Hippocratic Oath for Design Thinkers

It's so heartening and gratifying to see how popular design thinking has become and how widely it's been adopted. With that popularity also comes those who simply learn a subset of methods in order to hang out their shingle as a "design thinker". Some will argue that doing some design thinking is better than doing nothing. I disagree. I think you need to do it right in order to glean the benefits of it. I think you can do more harm if you don't do it right. In fact, I think we should adopt the physicians' Hippocratic Oath to "do no harm". 

I've had a chance to observe design thinking being described, taught, and practiced at numerous institutions and organizations worldwide and have concluded that there are three major ways that I think some practitioners fail to do design thinking properly which, in turn, can have a negative impact.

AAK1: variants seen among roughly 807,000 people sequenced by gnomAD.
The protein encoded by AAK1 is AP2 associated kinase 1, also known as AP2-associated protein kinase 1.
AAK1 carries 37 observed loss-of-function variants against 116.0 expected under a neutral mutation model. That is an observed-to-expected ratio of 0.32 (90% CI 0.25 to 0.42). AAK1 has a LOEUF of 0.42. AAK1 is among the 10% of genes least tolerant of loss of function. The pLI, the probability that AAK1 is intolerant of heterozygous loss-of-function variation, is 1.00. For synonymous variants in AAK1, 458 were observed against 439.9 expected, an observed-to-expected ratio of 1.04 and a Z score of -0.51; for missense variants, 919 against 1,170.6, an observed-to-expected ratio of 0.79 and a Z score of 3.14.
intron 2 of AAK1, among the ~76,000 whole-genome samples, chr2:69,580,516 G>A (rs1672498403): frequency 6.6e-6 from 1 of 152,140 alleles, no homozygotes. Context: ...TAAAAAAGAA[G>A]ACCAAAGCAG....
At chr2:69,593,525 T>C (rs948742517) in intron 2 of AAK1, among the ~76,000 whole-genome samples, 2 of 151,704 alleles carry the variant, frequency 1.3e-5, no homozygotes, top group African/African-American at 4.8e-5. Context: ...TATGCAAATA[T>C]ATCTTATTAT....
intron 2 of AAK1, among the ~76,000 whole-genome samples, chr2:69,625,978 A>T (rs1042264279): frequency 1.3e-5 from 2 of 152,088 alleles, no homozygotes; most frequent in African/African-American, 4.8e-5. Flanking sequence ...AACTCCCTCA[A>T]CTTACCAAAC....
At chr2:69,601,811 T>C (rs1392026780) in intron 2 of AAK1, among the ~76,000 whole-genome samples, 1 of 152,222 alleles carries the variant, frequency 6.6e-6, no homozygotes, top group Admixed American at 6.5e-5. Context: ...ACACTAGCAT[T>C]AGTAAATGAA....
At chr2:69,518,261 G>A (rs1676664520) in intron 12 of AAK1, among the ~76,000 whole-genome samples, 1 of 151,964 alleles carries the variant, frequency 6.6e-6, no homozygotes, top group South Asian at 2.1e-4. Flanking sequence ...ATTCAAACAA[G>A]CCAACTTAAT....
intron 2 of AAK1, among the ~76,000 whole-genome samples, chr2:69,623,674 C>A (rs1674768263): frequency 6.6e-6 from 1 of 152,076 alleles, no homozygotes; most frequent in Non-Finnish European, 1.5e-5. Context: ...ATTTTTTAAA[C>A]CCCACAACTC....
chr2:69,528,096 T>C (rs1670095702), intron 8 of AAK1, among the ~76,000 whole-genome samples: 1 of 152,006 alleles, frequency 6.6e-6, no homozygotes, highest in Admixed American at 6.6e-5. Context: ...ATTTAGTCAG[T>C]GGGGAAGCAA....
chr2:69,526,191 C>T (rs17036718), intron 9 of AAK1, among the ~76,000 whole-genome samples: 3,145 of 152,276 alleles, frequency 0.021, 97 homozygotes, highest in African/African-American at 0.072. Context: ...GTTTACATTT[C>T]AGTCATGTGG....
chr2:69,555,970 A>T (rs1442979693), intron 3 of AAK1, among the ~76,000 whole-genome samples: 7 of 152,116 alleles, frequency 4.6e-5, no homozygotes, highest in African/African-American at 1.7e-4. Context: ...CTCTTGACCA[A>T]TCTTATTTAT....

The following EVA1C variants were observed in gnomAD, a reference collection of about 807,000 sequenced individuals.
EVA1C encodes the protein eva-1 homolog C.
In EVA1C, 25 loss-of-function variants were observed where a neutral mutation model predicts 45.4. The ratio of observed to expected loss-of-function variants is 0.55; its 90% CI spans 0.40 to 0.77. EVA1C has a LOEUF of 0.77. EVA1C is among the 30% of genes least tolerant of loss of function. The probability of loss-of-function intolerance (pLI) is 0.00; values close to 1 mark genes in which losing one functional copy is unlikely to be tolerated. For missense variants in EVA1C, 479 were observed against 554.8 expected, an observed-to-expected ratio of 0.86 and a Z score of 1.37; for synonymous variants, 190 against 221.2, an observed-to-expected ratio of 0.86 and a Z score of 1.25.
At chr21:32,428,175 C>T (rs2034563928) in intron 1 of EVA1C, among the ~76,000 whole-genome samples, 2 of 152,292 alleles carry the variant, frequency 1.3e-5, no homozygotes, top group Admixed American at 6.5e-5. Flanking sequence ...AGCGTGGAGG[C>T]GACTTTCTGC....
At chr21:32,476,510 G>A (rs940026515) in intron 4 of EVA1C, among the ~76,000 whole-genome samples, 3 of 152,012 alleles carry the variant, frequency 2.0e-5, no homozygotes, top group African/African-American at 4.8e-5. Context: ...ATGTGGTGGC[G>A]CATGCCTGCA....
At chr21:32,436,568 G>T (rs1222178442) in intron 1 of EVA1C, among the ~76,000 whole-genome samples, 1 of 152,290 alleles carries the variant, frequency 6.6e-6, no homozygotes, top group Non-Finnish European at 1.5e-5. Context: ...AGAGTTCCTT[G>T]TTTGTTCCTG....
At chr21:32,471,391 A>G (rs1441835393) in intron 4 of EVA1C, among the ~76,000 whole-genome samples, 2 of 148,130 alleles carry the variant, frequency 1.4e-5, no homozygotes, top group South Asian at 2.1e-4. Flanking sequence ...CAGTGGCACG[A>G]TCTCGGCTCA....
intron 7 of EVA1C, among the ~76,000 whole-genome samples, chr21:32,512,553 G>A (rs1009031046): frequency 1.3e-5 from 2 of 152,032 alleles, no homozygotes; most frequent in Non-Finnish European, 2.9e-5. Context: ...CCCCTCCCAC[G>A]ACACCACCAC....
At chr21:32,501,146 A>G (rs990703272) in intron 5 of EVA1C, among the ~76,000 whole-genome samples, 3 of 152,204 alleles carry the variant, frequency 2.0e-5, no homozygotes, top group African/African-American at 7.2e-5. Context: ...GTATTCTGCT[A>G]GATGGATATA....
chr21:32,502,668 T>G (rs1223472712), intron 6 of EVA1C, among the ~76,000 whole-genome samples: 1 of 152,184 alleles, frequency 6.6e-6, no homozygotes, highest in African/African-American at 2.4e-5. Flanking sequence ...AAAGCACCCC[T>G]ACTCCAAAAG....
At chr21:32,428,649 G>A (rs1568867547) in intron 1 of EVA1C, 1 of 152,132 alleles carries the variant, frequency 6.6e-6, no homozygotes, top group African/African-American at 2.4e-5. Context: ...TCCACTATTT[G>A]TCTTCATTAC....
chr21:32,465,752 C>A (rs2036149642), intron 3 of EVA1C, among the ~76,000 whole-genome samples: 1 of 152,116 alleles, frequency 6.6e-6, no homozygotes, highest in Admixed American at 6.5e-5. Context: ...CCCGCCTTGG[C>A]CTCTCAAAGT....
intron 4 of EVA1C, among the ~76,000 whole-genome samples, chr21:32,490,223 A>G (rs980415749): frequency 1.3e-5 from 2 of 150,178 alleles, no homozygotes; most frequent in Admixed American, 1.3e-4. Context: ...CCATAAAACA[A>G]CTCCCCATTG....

1. No User Research. A common practice is to start doing design thinking by using an Empathy Map exercise. However, if the team hasn't done any user research in order to understand the user, the value of the exercise is questionable because participants will simply be "making it up". And if the results are summarized in a persona the negative impact is further amplified. The team may think that they've accomplished something by empathizing with their users but they've done something worse, they've created a made up summary of a user that doesn't have any basis in fact. Human beings are wired to recognize people and internalize key attributes of the people they meet. If the team created a made up person with made up attributes, they're going to recognize and internalize that incorrect information. To mitigate against this, the team should first carry out user research using methods like ethnographic observation and structured interviews and then create the Empathy Map based on the information collected. If that isn't possible before doing an Empathy Map exercise, the team should arrange to have representative users or even someone who knows them really well be interviewed during the exercise. It's also a good practice to have the team members mark each sticky note that they're not certain about with a question mark during the exercise which can then be followed up with some user research to explore or validate those areas of interest. You want to have confidence in the information captured in the Empathy Map in order to glean insights from it for your project. At IBM, we have a User Research practice that provides the foundation for our IBM Design Thinking framework.